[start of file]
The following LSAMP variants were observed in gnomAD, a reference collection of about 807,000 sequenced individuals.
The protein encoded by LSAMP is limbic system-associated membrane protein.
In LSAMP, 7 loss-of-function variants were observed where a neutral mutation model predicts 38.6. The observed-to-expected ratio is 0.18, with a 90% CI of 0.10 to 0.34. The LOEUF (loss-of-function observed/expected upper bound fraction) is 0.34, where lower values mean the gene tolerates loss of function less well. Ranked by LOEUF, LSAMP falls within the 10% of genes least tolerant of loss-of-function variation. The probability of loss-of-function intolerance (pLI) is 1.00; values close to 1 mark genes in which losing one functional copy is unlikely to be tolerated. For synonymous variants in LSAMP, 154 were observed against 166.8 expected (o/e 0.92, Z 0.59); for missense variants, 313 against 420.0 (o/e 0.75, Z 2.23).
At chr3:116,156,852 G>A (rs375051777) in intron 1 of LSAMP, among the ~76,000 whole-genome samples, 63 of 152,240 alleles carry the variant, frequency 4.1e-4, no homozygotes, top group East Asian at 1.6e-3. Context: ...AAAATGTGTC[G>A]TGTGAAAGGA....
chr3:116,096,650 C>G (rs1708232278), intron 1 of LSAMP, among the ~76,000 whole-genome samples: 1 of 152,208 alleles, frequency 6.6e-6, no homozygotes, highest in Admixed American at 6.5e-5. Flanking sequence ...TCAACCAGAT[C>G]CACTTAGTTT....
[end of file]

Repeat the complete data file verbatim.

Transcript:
The following LSAMP variants were observed in gnomAD, a reference collection of about 807,000 sequenced individuals.
The protein encoded by LSAMP is limbic system-associated membrane protein.
In LSAMP, 7 loss-of-function variants were observed where a neutral mutation model predicts 38.6. The observed-to-expected ratio is 0.18, with a 90% CI of 0.10 to 0.34. The LOEUF (loss-of-function observed/expected upper bound fraction) is 0.34, where lower values mean the gene tolerates loss of function less well. Ranked by LOEUF, LSAMP falls within the 10% of genes least tolerant of loss-of-function variation. The probability of loss-of-function intolerance (pLI) is 1.00; values close to 1 mark genes in which losing one functional copy is unlikely to be tolerated. For synonymous variants in LSAMP, 154 were observed against 166.8 expected (o/e 0.92, Z 0.59); for missense variants, 313 against 420.0 (o/e 0.75, Z 2.23).
At chr3:116,156,852 G>A (rs375051777) in intron 1 of LSAMP, among the ~76,000 whole-genome samples, 63 of 152,240 alleles carry the variant, frequency 4.1e-4, no homozygotes, top group East Asian at 1.6e-3. Context: ...AAAATGTGTC[G>A]TGTGAAAGGA....
chr3:116,096,650 C>G (rs1708232278), intron 1 of LSAMP, among the ~76,000 whole-genome samples: 1 of 152,208 alleles, frequency 6.6e-6, no homozygotes, highest in Admixed American at 6.5e-5. Flanking sequence ...TCAACCAGAT[C>G]CACTTAGTTT....